There are Strange Attractors in normal mathematics too; we just don't really see them that way, as they are much more benign. Picture the numbers from zero to infinity. Pick one, any one, it can be a fraction or an irrational number, if you like. Now square it, and keep squaring the result. Numbers above 0 and less than 1 will fall towards 0. Numbers below infinity and above 1 will fall towards infinity.

Zero and infinity, then, are attractors for the square function. They will pull numbers towards them, and a stable boundary (1) exists where the pull is equal in both directions.

In chaotic systems, Strange Attractors might appear anywhere. Systems can orbit them, seemingly stable, only to be flung away the next moment. Other times, a chaotic system may stray too close and get pulled into these mathematical black holes. The boundaries of their influence are ill-defined and can seem to intrude into areas controlled by other Strange Attractors.

How does this lead us to fractals—the pictures people see on computers and t-shirts? Well, let's take this one step at a time. The Mandelbrot Set—the best-known fractal of all—is based on the chaotic system Z' = Z^2 + C, where Z and C are complex numbers, and Z' is the value of Z for the next time the calculation is made. The usual way to plot this is to plot the real component of Z as the X coordinate and the imaginary component as the Y coordinate. Then just sit back and watch how the point moves through the system.

There are lots and lots of Strange Attractors hiding in this seemingly trivial equation, and we shall see this in a moment.

If we plot how Z changes, every time we cycle round the equation, we will see one of a number of possibilities:

  1. It may fall into a Strange Attractor and stop.
  2. It may orbit one or more Strange Attractors indefinitely, never breaking free of them.
  3. It may do all kinds of loops and spins around a whole load of Strange Attractors, before escaping to infinity (which is just a regular attractor, not really a Strange Attractor).

When displaying a "classical" Mandelbrot picture, what you are doing is plotting how long the system takes to escape—if it does. Points that do NOT escape (the central plateau of the Mandelbrot Set, for example) are given some otherwise unused value to mark that they did not escape.

Points far from the center tend to escape very easily and quickly, which is why you get fairly boring, bland rings on the outside. Even there, though, you'll notice that as you approach the center, the pull from the Strange Attractors is enough to slow down the escape.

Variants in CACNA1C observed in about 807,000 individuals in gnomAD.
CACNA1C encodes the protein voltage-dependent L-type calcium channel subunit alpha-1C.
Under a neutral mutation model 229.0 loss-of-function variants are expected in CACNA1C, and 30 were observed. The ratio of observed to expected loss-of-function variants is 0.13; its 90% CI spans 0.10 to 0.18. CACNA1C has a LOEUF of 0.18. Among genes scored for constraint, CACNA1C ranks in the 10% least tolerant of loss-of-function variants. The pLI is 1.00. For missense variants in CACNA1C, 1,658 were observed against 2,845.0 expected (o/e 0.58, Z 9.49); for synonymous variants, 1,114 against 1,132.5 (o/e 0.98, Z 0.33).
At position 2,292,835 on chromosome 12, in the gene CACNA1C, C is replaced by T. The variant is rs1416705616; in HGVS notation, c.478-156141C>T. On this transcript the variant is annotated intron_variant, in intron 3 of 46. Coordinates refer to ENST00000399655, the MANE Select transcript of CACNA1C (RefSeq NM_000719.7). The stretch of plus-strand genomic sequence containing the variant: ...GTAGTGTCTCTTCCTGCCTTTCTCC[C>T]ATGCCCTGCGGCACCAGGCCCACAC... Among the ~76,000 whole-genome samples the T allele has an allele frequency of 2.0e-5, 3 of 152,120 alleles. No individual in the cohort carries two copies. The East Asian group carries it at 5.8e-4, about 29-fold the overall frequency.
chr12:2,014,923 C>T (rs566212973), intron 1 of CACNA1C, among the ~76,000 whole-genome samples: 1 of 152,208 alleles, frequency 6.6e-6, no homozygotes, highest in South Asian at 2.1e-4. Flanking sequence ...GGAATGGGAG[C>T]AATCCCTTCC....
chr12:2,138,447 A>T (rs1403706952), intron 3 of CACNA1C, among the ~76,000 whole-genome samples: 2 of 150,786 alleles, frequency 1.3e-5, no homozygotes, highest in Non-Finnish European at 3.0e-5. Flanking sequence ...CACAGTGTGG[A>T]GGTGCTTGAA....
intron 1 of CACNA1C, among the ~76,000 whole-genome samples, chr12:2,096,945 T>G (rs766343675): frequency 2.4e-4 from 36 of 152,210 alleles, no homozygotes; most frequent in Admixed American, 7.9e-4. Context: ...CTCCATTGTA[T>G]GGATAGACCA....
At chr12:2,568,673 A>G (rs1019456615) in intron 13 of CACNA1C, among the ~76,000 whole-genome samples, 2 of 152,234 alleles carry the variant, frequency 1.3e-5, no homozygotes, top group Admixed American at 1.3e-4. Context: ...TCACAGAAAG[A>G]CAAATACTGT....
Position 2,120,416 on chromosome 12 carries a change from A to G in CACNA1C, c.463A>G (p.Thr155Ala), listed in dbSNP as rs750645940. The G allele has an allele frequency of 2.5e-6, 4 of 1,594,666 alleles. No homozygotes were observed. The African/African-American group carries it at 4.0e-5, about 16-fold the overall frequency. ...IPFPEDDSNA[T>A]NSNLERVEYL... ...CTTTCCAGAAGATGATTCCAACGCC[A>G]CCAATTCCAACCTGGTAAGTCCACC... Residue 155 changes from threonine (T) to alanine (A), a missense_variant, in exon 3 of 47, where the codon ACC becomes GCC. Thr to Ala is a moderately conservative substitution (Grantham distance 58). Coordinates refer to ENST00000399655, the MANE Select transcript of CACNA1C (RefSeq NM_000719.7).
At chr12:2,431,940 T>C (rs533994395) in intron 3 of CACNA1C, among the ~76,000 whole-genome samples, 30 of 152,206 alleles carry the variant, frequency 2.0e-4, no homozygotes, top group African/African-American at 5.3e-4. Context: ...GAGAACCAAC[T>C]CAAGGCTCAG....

Once we reach the "interesting" part of the set, things go crazy. The function gets pulled in all kinds of directions, with absolutely zero regard for how things were even an infinitesimal distance either side. This is where you get all of the pinwheels, spirals and other strange effects. As we approach the edge of the plateau itself, the chaos worsens as the number and density of Strange Attractors grows.

Eventually, on the plateau itself, nothing can escape. Not even light. Oops, wrong topic. Seriously, within the region of the plateau, ALL starting points will be captured by one or more Strange Attractors. Nothing escapes from this region. If you go back to plotting Z'=Z^2+C, and throw something into that region, you will see that it never comes back out. It really is a mathematical Black Hole, but not due to some gravitational singularity, but rather to a large enough number of powerful enough attractors that nothing escapes.

One of the consequences of having these Strange Attractors pull the system in different directions is that the motion of the system is disjoint. Not just in a few cases, but essentially everywhere. This means that the fractal you produce is also non-differentiable—there is no gradient you can calculate at any point.

But there is another, more curious aspect. Something called "Self Similarity". Self Similarity means that if you zoom into a part of the whole, you will see something that resembles the whole. It won't be exactly the same, but it will be close.

Self Similarity is one thing that makes Fractals so curious. If the system is being thrown around by all these Strange Attractors - which can be anywhere - then how can a small fragment look like the whole? That would imply that Strange Attractors can't be randomly distributed, their distribution and the interaction between them must ALSO be self-similar. They drive the shape, so what the shape does, they must do also.